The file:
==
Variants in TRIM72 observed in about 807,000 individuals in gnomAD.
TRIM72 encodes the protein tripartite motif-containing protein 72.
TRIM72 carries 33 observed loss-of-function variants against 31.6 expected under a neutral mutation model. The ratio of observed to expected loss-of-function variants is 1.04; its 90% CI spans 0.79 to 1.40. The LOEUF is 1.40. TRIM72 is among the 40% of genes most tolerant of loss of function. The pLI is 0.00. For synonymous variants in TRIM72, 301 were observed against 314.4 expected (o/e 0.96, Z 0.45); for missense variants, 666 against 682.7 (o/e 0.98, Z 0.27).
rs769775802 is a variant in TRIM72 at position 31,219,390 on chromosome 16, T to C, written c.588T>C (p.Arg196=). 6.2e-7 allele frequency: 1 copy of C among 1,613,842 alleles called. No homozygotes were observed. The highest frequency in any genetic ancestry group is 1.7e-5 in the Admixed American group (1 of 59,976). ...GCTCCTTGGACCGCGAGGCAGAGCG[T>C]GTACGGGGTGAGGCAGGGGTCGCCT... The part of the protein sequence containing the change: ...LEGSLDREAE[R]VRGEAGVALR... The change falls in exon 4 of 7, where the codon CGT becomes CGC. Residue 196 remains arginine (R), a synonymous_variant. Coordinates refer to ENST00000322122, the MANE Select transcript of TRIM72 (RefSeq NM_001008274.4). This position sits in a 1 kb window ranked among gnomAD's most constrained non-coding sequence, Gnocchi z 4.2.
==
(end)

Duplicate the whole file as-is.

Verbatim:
Variants in TRIM72 observed in about 807,000 individuals in gnomAD.
TRIM72 encodes the protein tripartite motif-containing protein 72.
TRIM72 carries 33 observed loss-of-function variants against 31.6 expected under a neutral mutation model. The ratio of observed to expected loss-of-function variants is 1.04; its 90% CI spans 0.79 to 1.40. The LOEUF is 1.40. TRIM72 is among the 40% of genes most tolerant of loss of function. The pLI is 0.00. For synonymous variants in TRIM72, 301 were observed against 314.4 expected (o/e 0.96, Z 0.45); for missense variants, 666 against 682.7 (o/e 0.98, Z 0.27).
rs769775802 is a variant in TRIM72 at position 31,219,390 on chromosome 16, T to C, written c.588T>C (p.Arg196=). 6.2e-7 allele frequency: 1 copy of C among 1,613,842 alleles called. No homozygotes were observed. The highest frequency in any genetic ancestry group is 1.7e-5 in the Admixed American group (1 of 59,976). ...GCTCCTTGGACCGCGAGGCAGAGCG[T>C]GTACGGGGTGAGGCAGGGGTCGCCT... The part of the protein sequence containing the change: ...LEGSLDREAE[R]VRGEAGVALR... The change falls in exon 4 of 7, where the codon CGT becomes CGC. Residue 196 remains arginine (R), a synonymous_variant. Coordinates refer to ENST00000322122, the MANE Select transcript of TRIM72 (RefSeq NM_001008274.4). This position sits in a 1 kb window ranked among gnomAD's most constrained non-coding sequence, Gnocchi z 4.2.